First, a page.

Xiaomi Family Bash: Mi, Redmi and Poco are set to compete with each other!
Oh Mi Gawd, one competitive family
- Mi India MD Manu Jain reiterated that Mi and Redmi brands “have separated.”
- While in the past, Mi and Redmi were called separate brands, they steered clear of each other in the market.
- The Mi 10i however is squarely in the Redmi Note 9 Pro Max zone and starts at just Rs 1,000 above the top Note Pro Max variant.
- Just as Poco started out independent but later moved into the Redmi zone, could Mi be seeing Red (mi) too in the coming days?
Xiaomi India’s press release for the launch of the Mi 10i contained a tiny bit of information about the brand’s strategy in India. Of course, it kind of flew under the radar because the release was after all about the Mi 10i, whose price stirred up quite a lot of talk. And well, it was not something that was really new.
We are referring to the first quote by Mi India MD Manu Jain in the press release on the launch of the Mi 10i yesterday.
Since the beginning of 2020, we at Mi India have separated Mi and Redmi brands. Both the brands have a separate product, business, and marketing teams. Mi brand aims to bring the latest and the best technology to our Mi Fans.
With the Mi 10 i, Mi gets into the Redmi zone
Now, the Mi India MD had dropped indications of this a few times in the past, stressing that Mi and Redmi would operate as two different brands, with different teams dedicated to their cause. But a lot of us had taken this as routine business-speak and a bit of a case of stating the obvious. After all, the Mi product portfolio bore very little resemblance to the Redmi one. The lowest-priced Mi device released in the market in 2020 was the Mi 10T which came with a tag of Rs 35,999, which was well above the highest priced Redmi device launched in 2020, the Redmi Note 9 Pro Max, which was priced at Rs 19,999.
The Mi 10i changes that.
Whereas Mi devices in the past were very distinct in terms of price and/ or software (the Mi A series was part of the Android One initiative and ran stock Android rather than MIUI), the Mi 10i has literally waded into Redmi waters. It starts at Rs 20,999, which is just Rs 1,000 above the highest Redmi device. Yes, the base Rs 20,999 model is not available yet, but even the one that is available starts at Rs 21,999, which is about ten percent more than the most expensive Redmi phone out there.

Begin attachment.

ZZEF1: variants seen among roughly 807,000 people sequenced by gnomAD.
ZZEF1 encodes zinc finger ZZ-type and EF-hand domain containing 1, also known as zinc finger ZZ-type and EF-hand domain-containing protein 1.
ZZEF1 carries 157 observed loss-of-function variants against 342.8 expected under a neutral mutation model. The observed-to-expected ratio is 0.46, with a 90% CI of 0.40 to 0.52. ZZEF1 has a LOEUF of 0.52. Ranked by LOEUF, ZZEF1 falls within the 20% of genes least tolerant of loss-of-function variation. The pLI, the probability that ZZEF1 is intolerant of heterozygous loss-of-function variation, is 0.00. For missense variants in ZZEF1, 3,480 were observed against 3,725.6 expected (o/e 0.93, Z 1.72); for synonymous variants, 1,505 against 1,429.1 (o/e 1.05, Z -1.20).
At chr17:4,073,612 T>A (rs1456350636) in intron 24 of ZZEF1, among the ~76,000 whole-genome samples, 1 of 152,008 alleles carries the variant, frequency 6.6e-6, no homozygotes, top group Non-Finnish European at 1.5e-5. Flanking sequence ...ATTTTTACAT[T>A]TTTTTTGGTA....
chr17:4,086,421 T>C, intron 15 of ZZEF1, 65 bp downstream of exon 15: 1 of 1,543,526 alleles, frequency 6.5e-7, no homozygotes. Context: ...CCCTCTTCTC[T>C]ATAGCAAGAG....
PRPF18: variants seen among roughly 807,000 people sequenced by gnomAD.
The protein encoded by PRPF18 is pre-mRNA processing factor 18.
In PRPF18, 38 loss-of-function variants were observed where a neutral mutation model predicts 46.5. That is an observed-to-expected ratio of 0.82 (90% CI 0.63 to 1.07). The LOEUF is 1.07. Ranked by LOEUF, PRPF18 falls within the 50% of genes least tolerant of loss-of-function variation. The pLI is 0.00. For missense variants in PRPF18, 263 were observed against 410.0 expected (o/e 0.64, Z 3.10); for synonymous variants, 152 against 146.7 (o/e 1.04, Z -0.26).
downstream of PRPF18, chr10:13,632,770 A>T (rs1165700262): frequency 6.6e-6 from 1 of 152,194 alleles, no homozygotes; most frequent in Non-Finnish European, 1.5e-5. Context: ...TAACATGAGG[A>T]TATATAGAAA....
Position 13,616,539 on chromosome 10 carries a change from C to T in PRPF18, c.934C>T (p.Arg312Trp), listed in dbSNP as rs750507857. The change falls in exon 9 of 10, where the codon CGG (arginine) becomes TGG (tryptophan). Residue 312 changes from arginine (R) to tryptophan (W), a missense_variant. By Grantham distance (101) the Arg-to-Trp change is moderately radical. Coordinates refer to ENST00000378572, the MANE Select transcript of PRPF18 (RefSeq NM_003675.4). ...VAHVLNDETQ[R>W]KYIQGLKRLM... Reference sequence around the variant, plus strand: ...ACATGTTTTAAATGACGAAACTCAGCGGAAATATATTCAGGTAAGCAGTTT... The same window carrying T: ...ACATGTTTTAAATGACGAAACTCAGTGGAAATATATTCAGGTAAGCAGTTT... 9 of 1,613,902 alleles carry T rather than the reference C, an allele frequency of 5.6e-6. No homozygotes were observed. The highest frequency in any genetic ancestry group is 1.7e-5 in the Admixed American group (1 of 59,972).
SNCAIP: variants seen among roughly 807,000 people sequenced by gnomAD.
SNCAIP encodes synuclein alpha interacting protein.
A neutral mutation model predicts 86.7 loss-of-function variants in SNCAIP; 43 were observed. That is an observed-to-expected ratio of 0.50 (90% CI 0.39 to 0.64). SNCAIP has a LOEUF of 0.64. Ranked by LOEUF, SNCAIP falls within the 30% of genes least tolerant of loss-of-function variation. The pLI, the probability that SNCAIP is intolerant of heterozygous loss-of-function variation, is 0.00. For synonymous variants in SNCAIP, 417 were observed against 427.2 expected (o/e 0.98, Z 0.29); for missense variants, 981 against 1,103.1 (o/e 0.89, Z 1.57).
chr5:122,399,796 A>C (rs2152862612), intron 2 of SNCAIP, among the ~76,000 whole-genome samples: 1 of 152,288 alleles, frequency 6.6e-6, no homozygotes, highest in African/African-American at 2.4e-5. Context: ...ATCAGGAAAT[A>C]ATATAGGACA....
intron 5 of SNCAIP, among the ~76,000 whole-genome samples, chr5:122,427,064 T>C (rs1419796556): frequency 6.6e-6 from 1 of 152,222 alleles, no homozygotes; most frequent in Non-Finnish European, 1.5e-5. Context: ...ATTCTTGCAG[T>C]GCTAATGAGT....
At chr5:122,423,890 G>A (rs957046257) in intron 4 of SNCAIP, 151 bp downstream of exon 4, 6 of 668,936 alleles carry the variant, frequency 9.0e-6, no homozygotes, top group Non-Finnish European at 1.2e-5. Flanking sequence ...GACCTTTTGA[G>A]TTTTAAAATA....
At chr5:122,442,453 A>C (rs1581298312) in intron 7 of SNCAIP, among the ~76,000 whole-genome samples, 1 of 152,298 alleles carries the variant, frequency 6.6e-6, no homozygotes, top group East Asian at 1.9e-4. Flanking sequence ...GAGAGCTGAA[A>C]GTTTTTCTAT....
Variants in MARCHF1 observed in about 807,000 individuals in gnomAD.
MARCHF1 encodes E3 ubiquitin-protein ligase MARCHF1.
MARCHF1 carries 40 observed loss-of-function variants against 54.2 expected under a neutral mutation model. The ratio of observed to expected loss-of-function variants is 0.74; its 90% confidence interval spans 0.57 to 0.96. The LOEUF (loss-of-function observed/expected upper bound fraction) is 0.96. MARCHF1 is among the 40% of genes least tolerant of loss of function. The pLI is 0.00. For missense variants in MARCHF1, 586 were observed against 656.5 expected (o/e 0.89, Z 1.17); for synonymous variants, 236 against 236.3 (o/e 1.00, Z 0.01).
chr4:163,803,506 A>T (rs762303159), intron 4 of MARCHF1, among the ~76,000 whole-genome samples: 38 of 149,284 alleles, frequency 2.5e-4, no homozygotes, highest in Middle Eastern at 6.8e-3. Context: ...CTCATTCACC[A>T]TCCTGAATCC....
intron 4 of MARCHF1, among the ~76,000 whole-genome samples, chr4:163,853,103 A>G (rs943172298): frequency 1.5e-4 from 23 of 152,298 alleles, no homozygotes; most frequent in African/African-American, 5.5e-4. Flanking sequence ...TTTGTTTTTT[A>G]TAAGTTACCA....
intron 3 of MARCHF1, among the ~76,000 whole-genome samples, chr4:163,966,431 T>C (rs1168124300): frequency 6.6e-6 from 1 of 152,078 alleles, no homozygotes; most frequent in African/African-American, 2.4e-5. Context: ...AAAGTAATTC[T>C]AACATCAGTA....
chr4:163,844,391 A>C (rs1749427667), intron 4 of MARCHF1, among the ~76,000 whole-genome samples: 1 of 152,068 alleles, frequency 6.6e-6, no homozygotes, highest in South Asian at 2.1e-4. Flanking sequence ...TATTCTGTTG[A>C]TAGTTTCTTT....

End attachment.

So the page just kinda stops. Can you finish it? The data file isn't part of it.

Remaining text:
Competitive? Hell, yes.
And wait, there’s Poco too!
If 2020 saw Redmi inch up the price ladder with the Note series, introducing a more expensive and slightly better-specced Note (the Pro Max), 2021 seems to have started with Mi introducing a more mainstream Mi 10i. And while we expect Redmi to introduce a new Redmi Note shortly, barring a dramatic revision in price strategy, it seems likely that the two brands will be sparring to an extent.
Which of course, brings back memories of Poco. The brand got underway as a potential budget flagship player operating in a different segment from Redmi with the Poco F1 but then went off the radar. And then almost a year ago Manu Jain had tweeted about Poco, not just making a comeback but also becoming largely independent:
Excited to share: #POCO will now be an independent brand!
What started as a sub-brand within Xiaomi, has grown into its own identity. POCO F1 was an incredibly popular phone. We feel the time is right to let POCO operate on its own.
Join me in wishing @IndiaPOCO all the best.
— Manu Kumar Jain (@manukumarjain) January 17, 2020
“Excited to share: #POCO will now be an independent brand!
What started as a sub-brand within Xiaomi, has grown into its own identity. POCO F1 was an incredibly popular phone. We feel the time is right to let POCO operate on its own.”
Interestingly, Poco’s comeback was marked not by budget flagships but devices like the Poco X2, X3, M2, M2 Pro, and C3, which squared off against devices from Redmi. Of course, neither Mi nor Redmi has been marked as an “independent brand” yet, but the indications are that they might be facing off against not just devices from rival brands, but each other as well.
The more, the Mi-rrier!
Which begs the question if this is a good thing? Purists might turn their noses up and mutter about replication and consumers getting confused with multiple devices, but it is not rare to see brands encouraging competition between different series of their own products. And if the success of Poco is any indication (and our sources tell us the brand has done exceptionally well, especially in the last two months of 2020), then it would seem that consumers are happy with the choices being offered to them under different names, as long as they come at different price points.
There is also a theory that Redmi remains the main focus of Xiaomi in India, with the Mi series existing mainly to take on OnePlus, and Poco aimed squarely at Realme. But that is purely in the realms of speculation. What we DO know is that 2021 could see a fair deal of internal battles in the house of Xiaomi in India with Poco (who some say is all poised to come out with a budget flagship), Redmi, and Mi all taking on each other as well as all comers from Samsung, Realme, Oppo, Vivo, OnePlus and so on.
It might confuse some (especially among the reviewer community who have to cope with multiple devices that seem broadly similar), but speaking for ourselves, we are all for the consumer getting more options.